- The slights suffered by a former HR pro — being excluded from lunches and not greeted in the morning by a company executive — weren't enough to support her claims of sex discrimination and retaliation, the U.S. District Court for the Middle District of Tennessee ruled (Hasting v. First Community Mortgage, No. 17-cv-00989 (M.D. Tenn. July 31, 2019)).
- Marie Hasting, formerly the HR director for First Community Mortgage, sued the lender after her resignation, claiming gender and national origin discrimination and retaliation. She felt that the company's CEO treated her differently than other employees by walking past her without saying "good morning" and attending lunches with male employees but not her. Hasting said the company president told her about the "penis club" – the name allegedly given by a female employee to the male-only manager group that went to lunch together, had meetings, and socialized during work hours. While Hasting alleged at one point that the group made company decisions without women present, she also admitted that the group was not sanctioned by the employer and that she did not know whether company business was discussed when they met.
- The district court ruled for the employer on summary judgment. The court said the actions Hasting complained about did not rise to the level of an adverse employment action necessary to prove sex discrimination. The court also said that Title VII of the Civil Rights Act of 1964 isn't "a civility code" for the workplace and quoted the U.S. Supreme Court's statement that "petty slights, minor annoyances and simple lack of good manners" are not legally actionable.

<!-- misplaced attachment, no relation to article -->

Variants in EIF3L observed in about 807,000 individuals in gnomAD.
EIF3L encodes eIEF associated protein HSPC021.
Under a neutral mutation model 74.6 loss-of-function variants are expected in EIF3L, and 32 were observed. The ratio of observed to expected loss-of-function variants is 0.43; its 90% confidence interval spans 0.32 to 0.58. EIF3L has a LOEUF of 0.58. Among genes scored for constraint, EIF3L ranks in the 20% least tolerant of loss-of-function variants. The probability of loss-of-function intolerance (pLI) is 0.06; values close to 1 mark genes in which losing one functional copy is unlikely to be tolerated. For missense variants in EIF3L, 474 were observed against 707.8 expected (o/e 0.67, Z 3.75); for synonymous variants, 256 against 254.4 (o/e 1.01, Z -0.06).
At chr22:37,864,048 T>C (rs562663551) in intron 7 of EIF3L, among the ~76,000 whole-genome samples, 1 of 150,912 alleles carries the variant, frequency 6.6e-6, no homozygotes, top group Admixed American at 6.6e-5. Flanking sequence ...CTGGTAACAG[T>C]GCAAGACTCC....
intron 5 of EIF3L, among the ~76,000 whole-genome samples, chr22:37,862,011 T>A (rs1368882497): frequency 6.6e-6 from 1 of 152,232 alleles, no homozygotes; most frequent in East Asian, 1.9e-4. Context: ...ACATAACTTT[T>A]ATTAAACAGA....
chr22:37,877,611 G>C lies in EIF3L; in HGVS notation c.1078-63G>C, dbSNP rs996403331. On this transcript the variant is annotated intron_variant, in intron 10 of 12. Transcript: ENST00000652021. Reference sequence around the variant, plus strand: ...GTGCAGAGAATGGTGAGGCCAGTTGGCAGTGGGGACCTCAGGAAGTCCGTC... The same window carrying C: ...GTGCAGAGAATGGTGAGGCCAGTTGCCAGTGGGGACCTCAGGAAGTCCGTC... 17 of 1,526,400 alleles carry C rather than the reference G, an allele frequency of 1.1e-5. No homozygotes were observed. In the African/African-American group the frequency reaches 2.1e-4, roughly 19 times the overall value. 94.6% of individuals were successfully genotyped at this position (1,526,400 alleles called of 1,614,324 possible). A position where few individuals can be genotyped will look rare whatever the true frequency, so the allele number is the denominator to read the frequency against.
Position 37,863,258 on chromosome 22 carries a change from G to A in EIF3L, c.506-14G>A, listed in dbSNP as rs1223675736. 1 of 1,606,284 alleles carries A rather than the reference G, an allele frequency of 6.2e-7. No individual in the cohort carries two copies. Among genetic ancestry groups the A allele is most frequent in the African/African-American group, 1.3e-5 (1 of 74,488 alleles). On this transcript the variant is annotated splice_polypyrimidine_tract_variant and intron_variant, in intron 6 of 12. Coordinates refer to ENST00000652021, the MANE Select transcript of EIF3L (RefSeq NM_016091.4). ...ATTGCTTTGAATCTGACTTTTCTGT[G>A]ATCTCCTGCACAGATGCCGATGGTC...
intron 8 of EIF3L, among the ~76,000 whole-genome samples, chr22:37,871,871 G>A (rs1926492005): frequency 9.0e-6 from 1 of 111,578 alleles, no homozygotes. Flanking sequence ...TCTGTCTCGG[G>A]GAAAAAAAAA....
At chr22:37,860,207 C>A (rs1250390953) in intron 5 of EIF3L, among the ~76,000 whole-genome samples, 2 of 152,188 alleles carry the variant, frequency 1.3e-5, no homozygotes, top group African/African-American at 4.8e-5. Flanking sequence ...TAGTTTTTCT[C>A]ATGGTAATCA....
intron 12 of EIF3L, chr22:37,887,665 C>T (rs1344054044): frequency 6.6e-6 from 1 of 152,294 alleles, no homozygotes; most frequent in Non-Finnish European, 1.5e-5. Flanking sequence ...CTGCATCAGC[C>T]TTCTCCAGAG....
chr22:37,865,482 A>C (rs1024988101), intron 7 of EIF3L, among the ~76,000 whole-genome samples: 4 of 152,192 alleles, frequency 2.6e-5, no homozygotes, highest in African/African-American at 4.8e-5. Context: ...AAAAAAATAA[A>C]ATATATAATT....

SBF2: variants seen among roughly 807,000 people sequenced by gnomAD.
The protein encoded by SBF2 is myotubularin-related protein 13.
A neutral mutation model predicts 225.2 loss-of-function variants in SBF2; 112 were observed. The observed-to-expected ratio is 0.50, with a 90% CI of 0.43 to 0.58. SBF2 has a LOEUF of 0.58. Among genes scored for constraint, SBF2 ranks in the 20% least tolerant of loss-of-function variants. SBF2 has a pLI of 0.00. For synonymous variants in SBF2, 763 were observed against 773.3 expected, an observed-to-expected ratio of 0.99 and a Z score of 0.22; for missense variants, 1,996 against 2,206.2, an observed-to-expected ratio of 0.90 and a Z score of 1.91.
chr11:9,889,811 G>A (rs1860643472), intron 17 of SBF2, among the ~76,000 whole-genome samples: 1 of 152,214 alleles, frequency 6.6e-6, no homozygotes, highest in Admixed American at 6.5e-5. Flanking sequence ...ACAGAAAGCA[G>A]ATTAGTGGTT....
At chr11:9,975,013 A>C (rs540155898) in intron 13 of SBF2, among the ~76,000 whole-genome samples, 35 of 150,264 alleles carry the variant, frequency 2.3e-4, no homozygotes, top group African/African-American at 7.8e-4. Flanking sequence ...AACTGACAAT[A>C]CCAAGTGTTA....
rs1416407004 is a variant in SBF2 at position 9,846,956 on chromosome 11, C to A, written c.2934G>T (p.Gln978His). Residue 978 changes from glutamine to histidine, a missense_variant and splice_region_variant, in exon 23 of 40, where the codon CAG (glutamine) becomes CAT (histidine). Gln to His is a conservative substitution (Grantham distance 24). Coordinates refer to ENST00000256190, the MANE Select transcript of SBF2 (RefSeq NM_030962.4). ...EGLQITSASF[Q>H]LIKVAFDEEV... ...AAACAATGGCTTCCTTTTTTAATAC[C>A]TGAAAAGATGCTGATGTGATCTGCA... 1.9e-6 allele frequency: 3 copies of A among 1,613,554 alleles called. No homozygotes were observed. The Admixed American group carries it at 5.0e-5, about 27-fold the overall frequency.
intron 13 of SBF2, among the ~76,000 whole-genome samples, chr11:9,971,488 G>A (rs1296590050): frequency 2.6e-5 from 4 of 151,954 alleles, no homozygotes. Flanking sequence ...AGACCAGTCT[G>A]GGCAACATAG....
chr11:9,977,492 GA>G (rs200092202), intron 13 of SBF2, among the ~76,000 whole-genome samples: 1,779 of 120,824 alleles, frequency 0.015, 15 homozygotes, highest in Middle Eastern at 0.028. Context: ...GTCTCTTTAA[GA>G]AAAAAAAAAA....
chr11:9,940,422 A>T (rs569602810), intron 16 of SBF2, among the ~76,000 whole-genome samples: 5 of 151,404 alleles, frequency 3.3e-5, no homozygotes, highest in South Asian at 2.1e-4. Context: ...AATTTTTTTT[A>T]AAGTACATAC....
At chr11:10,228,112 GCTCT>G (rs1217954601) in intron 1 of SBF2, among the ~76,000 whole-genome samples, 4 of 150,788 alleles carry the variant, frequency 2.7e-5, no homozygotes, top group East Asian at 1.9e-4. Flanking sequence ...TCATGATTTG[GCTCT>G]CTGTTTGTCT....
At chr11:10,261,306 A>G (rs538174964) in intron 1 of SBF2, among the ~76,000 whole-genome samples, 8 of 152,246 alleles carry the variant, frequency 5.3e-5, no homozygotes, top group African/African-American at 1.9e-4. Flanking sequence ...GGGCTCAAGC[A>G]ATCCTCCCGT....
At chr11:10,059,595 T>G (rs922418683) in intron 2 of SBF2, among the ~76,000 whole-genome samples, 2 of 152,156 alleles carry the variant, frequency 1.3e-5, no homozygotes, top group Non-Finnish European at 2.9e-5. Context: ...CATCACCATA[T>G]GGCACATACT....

A supervisor's refusal to invite an employee to lunch is normally a trivial and non-actionable petty slight, the U.S. Equal Employment Opportunity Commission (EEOC) has noted in an enforcement guidance. However, excluding an employee from a weekly training lunch that contributes to professional advancement can be retaliation.
The EEOC provides the example of a federal agency employee alleging that she was denied a promotion by her supervisor because of her sex. One week later, her supervisor invited a few other employees out to lunch. She believed that her supervisor excluded her from lunch because of her complaint. Even if the supervisor chose not to invite the employee because of her complaint, this would not constitute unlawful retaliation because it is not reasonably likely to deter protected activity.
By contrast, if the supervisor invited all employees in the unit to regular weekly lunches, but excluded the employee because she filed the sex discrimination complaint, this might constitute unlawful retaliation since it could reasonably deter her or others from engaging in protected activity.
But this case is a good reminder that even conduct that doesn't officially rise to the level of illegal bias or retaliation can be problematic and damaging to organizational culture. Many employers struggle with inclusion and sensitivity. Experts have previously told HR Dive that businesses must deliberately create an environment where differences, talents and perspectives are maximized in order to create high-performing teams.